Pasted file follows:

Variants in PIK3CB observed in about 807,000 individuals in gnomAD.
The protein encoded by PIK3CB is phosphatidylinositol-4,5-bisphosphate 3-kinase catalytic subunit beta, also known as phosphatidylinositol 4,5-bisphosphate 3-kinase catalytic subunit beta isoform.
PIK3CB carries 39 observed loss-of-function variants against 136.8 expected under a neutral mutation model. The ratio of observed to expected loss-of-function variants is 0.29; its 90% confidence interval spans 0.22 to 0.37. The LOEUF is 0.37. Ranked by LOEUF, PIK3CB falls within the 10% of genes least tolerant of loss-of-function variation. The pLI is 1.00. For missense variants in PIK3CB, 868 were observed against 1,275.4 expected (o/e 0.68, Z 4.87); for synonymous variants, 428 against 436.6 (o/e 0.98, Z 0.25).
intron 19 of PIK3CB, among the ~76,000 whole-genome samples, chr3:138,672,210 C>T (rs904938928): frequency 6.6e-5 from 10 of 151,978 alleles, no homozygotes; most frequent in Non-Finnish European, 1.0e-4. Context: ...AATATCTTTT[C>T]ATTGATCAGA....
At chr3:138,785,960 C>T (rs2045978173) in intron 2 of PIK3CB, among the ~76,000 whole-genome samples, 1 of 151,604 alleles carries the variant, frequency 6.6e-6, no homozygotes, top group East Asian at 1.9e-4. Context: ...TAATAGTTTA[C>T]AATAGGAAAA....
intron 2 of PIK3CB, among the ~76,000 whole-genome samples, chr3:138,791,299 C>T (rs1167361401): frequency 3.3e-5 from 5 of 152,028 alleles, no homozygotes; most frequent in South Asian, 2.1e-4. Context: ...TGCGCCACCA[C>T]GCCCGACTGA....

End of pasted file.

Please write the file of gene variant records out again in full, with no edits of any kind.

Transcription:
Variants in PIK3CB observed in about 807,000 individuals in gnomAD.
The protein encoded by PIK3CB is phosphatidylinositol-4,5-bisphosphate 3-kinase catalytic subunit beta, also known as phosphatidylinositol 4,5-bisphosphate 3-kinase catalytic subunit beta isoform.
PIK3CB carries 39 observed loss-of-function variants against 136.8 expected under a neutral mutation model. The ratio of observed to expected loss-of-function variants is 0.29; its 90% confidence interval spans 0.22 to 0.37. The LOEUF is 0.37. Ranked by LOEUF, PIK3CB falls within the 10% of genes least tolerant of loss-of-function variation. The pLI is 1.00. For missense variants in PIK3CB, 868 were observed against 1,275.4 expected (o/e 0.68, Z 4.87); for synonymous variants, 428 against 436.6 (o/e 0.98, Z 0.25).
intron 19 of PIK3CB, among the ~76,000 whole-genome samples, chr3:138,672,210 C>T (rs904938928): frequency 6.6e-5 from 10 of 151,978 alleles, no homozygotes; most frequent in Non-Finnish European, 1.0e-4. Context: ...AATATCTTTT[C>T]ATTGATCAGA....
At chr3:138,785,960 C>T (rs2045978173) in intron 2 of PIK3CB, among the ~76,000 whole-genome samples, 1 of 151,604 alleles carries the variant, frequency 6.6e-6, no homozygotes, top group East Asian at 1.9e-4. Context: ...TAATAGTTTA[C>T]AATAGGAAAA....
intron 2 of PIK3CB, among the ~76,000 whole-genome samples, chr3:138,791,299 C>T (rs1167361401): frequency 3.3e-5 from 5 of 152,028 alleles, no homozygotes; most frequent in South Asian, 2.1e-4. Context: ...TGCGCCACCA[C>T]GCCCGACTGA....